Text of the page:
"In essence, within a narrative therapy approach, the focus is not on ‘experts’ solving problems, ...it is on people discovering through conversations, the hopeful, preferred, and previously unrecognized and hidden possibilities contained within themselves and unseen story-lines. This is what Michael White would refer to as the ‘re-authoring’ of people’s stories and lives." (narrativetherapycenter.com, 7/5/12, n.d.)
Narrative Therapy is a Therapeutic Modality
I believe that we create meaning for ourselves and others through metaphor and narrative--the greater the depth and breadth of meaning the greater the spaciousness.
Even though NT is "therapy" and spiritual direction is not, I have found in NT a number of ways of seeing that have proven helpful. For example, one of the common NT phrases is that, "The person is not the problem, the problem is the problem." Even though we as spiritual directors are not in the business of problem solving, I feel that this way of seeing human struggle has changed my relationship to the human condition.
For example, I'm less likely to try to reject or fix a problem that is externalized in this way than I would be with a problem that seems to be intermingled with my identity. When I see myself as in relationship to something, I can observe it and talk to it, even learn from it. Whereas, a problem that is fused into my character is something I'm likely to reject and avoid and thereby add power to the shadowy energy made up of problems from which I can not find freedom.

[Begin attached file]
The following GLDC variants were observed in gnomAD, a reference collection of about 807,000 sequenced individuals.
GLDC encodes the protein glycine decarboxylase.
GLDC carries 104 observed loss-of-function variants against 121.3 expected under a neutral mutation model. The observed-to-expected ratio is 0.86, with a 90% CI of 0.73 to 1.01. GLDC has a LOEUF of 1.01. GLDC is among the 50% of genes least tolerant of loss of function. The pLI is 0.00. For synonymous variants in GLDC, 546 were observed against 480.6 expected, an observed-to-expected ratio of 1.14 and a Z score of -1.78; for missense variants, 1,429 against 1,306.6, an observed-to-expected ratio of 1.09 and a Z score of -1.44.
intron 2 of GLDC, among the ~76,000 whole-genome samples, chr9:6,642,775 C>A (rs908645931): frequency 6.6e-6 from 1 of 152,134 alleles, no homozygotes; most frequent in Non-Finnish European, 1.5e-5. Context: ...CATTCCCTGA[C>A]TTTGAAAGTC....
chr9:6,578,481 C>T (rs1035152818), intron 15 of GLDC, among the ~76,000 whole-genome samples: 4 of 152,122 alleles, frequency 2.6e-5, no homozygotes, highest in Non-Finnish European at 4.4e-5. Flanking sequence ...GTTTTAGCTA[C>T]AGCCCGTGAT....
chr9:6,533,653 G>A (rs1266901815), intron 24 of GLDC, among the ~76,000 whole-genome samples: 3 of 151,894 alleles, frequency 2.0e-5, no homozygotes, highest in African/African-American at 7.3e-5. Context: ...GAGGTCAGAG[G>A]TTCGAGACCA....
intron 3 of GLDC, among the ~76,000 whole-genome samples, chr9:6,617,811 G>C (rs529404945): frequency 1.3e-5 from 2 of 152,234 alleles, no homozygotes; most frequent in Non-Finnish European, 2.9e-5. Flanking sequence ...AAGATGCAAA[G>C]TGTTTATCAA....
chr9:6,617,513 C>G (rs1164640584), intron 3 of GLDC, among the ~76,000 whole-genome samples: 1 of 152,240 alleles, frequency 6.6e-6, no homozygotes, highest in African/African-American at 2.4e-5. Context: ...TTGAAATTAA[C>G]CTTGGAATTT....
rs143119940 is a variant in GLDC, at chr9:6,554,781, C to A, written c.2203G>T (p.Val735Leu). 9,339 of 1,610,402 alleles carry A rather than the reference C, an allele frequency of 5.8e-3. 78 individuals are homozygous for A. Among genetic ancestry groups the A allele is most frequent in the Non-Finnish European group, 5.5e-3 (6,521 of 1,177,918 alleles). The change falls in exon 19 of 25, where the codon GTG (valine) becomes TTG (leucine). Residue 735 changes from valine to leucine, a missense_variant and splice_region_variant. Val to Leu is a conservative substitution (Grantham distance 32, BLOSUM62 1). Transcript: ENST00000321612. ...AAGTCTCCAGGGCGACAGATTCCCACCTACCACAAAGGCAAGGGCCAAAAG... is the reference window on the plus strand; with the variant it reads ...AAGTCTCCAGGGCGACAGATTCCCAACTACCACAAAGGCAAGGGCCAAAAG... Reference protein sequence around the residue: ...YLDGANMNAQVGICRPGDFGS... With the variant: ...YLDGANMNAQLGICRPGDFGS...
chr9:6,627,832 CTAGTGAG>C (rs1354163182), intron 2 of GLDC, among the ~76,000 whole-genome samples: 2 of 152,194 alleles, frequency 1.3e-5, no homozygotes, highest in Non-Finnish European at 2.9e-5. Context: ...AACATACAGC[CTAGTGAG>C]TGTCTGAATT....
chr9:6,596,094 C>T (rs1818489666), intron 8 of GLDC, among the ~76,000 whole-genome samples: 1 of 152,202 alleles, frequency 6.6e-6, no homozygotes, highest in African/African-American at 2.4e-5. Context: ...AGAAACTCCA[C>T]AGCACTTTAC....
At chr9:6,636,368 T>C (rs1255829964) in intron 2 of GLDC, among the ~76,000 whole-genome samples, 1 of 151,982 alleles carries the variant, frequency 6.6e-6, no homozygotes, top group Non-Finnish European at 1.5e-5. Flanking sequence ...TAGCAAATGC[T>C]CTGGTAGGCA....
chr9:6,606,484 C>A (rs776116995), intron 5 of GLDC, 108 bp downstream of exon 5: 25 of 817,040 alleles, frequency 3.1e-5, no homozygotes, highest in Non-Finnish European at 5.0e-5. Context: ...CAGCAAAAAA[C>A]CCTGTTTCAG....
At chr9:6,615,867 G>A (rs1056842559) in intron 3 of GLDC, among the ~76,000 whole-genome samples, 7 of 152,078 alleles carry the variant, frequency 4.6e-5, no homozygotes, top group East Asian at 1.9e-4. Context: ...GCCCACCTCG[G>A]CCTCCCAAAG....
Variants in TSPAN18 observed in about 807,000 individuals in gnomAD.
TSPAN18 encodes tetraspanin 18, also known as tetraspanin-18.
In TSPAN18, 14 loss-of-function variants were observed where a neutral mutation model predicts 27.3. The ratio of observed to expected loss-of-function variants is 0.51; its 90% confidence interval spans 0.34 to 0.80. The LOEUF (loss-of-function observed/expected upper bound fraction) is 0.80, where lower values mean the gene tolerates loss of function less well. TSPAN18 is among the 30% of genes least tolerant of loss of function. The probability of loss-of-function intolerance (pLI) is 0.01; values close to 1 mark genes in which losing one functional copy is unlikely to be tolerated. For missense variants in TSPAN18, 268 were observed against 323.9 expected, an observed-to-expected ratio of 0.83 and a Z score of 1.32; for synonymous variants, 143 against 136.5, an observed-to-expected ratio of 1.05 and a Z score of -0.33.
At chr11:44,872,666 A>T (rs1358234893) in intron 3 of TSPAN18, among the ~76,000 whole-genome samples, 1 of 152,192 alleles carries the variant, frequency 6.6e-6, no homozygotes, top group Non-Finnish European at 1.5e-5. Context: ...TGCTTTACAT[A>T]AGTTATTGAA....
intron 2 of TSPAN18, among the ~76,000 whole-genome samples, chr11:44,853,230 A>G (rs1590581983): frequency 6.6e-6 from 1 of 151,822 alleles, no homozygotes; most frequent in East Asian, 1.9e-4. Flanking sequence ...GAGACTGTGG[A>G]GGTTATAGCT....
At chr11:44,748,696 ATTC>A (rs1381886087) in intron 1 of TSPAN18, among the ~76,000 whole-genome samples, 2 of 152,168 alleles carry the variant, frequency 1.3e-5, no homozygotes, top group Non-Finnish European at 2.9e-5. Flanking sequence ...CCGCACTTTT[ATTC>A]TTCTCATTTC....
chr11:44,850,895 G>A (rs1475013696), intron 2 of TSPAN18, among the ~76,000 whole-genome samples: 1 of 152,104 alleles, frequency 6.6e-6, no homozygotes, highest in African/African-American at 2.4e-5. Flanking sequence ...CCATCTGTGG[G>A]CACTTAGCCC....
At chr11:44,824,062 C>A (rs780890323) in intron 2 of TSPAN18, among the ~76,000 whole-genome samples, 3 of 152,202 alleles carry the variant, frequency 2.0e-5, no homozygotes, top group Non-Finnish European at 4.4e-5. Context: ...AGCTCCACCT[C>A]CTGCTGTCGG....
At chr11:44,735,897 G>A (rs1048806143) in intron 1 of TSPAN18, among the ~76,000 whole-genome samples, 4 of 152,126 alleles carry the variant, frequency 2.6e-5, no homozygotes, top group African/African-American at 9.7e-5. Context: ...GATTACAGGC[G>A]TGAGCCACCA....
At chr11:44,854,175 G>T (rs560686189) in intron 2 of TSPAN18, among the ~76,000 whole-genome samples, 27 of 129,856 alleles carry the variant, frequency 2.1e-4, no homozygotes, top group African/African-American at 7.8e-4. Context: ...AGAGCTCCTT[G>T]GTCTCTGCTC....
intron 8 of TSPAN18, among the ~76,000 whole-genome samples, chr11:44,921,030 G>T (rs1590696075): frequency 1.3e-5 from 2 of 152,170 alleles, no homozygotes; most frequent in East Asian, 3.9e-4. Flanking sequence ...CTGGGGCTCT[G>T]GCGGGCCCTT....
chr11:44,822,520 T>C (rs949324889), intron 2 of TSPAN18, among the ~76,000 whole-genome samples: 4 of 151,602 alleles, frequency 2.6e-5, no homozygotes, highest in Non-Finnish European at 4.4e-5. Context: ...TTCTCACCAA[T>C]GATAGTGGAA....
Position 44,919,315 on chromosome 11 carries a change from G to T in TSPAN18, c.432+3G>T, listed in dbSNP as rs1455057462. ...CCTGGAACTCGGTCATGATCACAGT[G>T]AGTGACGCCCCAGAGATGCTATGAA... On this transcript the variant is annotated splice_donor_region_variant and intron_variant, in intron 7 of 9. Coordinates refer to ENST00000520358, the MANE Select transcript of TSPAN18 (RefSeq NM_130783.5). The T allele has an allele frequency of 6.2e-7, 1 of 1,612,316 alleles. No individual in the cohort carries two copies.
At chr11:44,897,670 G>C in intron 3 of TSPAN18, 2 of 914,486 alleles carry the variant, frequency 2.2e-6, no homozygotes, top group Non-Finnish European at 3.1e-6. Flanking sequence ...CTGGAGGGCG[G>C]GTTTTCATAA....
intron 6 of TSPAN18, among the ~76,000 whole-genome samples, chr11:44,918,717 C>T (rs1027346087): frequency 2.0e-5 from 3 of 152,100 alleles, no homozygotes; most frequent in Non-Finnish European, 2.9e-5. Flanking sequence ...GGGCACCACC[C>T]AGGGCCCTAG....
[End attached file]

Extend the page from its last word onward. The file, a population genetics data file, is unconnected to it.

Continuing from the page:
Not The Expert
Implicit in a lot of helping relationships is a hierarchical role. One person is looked upon as the expert who has entered into the relationship for the sole purpose of diagnosing or helping the other fix a problem or find an answer. This creates certain difficulties. For one, the person being helped can have unrealistic expectations of what the expert can do for him or her. It also tends to cause the "client" to look to the helper as a savior and neglect their own agency, not to mention over look the freedom that they have as individuals created in the image of God. In addition, the person in the role of expert can feel either overwhelmed by the pressure of an impossible role, or over identified with the imaginary power that this provides.